American Military Interventions In Post 9/11 World

American Military Interventions In Post 9/11 World
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A year after the September 11, 2001 attacks on Washington and New York, former President Bush's national security strategy was clear: US interests triumph all else and international institutions would not hinder military actions deemed necessary. Therefore, when contemplating humanitarian interventions, the US would weigh the potential benefits--in terms of foreign lives saved--against the likely costs to the United States. Even if US strategic interests intertwine with internationally accepted humanitarian criteria for humanitarian interventions, it may have consequential effects on the notion of the 'responsibility to protect.'

Throughout the 1990s, experiences such as Rwanda, Kosovo and East Timor among others built a momentum towards the idea that governments had a "responsibility to protect" people suffering in complex humanitarian emergencies. However, according to experts like Thomas Weiss, author of 'Military-Civilian Interactions', the September 11th attacks and subsequent US led invasions of Afghanistan and Iraq, led to two world organizations: "The United Nations, global in members; and the United States, global in reach and power."

The primary purpose in a humanitarian intervention must be 'right intention'--to halt or avert human suffering, despite other motives intervening states may have. But the debate after September 11th, shifted to the right to intervene-to protect the intervening country's people from a threat seen to be originating from another country. The debate shifted to self-defense. Samantha Power, author of 'A Problem From Hell', writes that since the September 11th attacks, the "U.S. government is likely to view genocide prevention as an undertaking it cannot afford as it sets out to better protect Americans."

Security Council resolutions have authorized the use of armed forces led by US-led coalitions, rather than under the command of the UN. In a humanitarian intervention, the intervening states have the responsibility to rebuild. Since September 11th, none of the US interventions taken were primarily called humanitarian interventions, despite clear complex humanitarian emergencies. But Weiss points out the US led invasions of both Afghanistan and Iraq, turned primarily humanitarian. In 2002, a planned operation against Iraq began to surface. The Bush administration called on the UN to enforce its resolutions on Iraq or risk 'irrelevance'. But military intervention without a UN mandate raises questions over a country's motives and capabilities to rebuild in the post-conflict period. The implication of such a reality has also posed a dilemma for the notion of 'neutrality' once forces are deployed on the ground and raises concern among independent aid agencies.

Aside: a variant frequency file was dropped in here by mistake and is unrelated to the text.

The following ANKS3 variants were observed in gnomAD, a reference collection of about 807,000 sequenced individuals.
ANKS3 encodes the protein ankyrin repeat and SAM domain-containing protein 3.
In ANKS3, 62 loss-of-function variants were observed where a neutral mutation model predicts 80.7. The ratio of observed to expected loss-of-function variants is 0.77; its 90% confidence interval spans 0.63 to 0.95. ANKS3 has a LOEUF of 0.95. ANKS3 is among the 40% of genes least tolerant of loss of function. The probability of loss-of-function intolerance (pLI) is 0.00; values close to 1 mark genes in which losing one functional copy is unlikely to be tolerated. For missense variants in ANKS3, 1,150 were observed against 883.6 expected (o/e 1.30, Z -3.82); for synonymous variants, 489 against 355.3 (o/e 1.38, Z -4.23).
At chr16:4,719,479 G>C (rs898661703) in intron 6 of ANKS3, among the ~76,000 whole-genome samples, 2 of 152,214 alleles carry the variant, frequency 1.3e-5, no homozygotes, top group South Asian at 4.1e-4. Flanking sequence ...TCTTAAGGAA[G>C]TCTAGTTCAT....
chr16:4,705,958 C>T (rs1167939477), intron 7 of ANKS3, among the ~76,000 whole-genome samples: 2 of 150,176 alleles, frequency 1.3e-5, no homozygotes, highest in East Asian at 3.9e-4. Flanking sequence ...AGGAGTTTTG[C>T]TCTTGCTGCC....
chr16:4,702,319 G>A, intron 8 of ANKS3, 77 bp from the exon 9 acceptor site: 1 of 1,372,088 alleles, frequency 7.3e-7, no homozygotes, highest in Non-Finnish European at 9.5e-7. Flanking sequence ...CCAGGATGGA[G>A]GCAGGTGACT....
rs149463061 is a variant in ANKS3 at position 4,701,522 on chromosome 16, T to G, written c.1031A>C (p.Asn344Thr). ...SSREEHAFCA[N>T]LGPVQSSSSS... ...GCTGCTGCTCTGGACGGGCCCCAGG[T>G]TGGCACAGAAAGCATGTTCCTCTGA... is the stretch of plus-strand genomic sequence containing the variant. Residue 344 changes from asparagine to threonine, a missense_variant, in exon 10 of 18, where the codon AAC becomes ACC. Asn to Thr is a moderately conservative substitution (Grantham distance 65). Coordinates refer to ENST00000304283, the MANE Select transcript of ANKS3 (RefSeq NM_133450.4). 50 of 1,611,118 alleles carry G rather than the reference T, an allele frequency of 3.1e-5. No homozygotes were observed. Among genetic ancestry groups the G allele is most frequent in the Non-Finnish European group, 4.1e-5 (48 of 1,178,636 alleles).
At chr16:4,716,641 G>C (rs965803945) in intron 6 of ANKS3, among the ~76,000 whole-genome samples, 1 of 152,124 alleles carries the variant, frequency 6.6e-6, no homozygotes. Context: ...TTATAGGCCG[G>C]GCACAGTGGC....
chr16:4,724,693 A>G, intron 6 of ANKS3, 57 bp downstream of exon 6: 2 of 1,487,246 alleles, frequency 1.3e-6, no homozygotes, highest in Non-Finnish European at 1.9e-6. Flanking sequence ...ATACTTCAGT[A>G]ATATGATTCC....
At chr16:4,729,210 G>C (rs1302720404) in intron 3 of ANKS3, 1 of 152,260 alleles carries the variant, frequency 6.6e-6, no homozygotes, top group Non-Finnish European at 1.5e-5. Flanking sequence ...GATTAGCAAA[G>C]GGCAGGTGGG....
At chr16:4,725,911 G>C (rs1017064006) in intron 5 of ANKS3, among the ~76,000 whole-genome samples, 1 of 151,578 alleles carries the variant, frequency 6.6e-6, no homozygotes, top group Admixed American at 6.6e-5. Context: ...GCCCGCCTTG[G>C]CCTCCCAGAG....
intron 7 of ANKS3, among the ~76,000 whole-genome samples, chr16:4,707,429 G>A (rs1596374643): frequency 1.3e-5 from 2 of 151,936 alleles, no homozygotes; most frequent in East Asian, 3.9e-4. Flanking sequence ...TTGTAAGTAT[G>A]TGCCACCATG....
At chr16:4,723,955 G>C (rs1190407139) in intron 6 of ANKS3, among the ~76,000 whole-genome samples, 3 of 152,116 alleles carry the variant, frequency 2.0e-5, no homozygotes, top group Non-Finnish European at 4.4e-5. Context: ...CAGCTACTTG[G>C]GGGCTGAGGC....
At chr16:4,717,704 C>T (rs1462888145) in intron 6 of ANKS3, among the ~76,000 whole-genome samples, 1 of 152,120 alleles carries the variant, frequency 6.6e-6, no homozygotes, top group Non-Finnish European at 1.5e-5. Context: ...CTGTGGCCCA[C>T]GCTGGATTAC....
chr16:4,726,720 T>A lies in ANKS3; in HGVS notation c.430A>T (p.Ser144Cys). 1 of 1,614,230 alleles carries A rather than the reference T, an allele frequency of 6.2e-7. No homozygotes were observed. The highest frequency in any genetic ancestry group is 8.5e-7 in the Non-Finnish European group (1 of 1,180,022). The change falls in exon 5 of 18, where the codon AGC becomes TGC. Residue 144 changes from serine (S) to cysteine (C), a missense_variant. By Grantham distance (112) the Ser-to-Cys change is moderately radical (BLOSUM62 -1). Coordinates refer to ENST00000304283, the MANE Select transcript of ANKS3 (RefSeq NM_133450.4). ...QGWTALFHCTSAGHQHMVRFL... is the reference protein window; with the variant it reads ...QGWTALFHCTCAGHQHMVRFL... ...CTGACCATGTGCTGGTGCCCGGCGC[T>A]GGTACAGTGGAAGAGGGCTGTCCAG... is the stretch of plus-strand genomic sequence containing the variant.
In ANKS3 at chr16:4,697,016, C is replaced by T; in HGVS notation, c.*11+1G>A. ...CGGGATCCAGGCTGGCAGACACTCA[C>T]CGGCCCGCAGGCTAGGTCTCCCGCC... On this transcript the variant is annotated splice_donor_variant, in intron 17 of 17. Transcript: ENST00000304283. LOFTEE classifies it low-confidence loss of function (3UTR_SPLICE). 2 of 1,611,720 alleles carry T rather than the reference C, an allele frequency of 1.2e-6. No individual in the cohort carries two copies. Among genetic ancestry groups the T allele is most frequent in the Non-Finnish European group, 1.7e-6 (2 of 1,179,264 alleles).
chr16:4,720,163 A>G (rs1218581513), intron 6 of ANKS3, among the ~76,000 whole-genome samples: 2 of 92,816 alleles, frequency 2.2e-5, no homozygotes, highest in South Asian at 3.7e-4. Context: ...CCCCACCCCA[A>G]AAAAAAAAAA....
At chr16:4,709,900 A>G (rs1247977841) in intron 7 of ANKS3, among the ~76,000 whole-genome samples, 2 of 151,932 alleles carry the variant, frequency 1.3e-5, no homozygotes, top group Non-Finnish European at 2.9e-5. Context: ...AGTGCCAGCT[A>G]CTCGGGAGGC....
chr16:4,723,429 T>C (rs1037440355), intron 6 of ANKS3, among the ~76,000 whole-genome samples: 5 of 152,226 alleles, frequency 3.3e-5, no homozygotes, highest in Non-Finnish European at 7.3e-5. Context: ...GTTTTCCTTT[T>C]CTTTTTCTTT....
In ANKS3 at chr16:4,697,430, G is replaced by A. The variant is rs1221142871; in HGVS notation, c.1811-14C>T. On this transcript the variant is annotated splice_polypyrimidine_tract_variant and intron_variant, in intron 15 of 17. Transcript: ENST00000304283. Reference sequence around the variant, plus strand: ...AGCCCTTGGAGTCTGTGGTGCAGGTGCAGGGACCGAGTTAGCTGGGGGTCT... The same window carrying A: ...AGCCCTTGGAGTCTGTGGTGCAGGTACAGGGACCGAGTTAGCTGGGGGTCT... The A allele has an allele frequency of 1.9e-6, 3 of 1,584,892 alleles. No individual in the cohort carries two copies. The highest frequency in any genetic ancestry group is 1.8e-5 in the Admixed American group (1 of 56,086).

With the initial absence of aid organizations in Afghanistan, because of inadequate security on the ground, the military took on the role of humanitarian assistance. But this type of assistance left the Afghan people confused between cluster bombs and aid packages, which threatened civilians. As the invasion of Iraq and the fall of Baghdad loomed, the UN headquarters was bombed. The looting of UNICEF offices, prompted staffers to evacuate. Margrat Hassan, head of CARE International was kidnapped then shot to death. Humanitarian aid became one of the first causalities of war. The 'peace-building' efforts have been hindered by 'security measures' led by the US today in Iraq. Some supporters of humanitarian interventions argue that invasions like Iraq--and humanitarian interventions should be distinguished and are in fact not the same.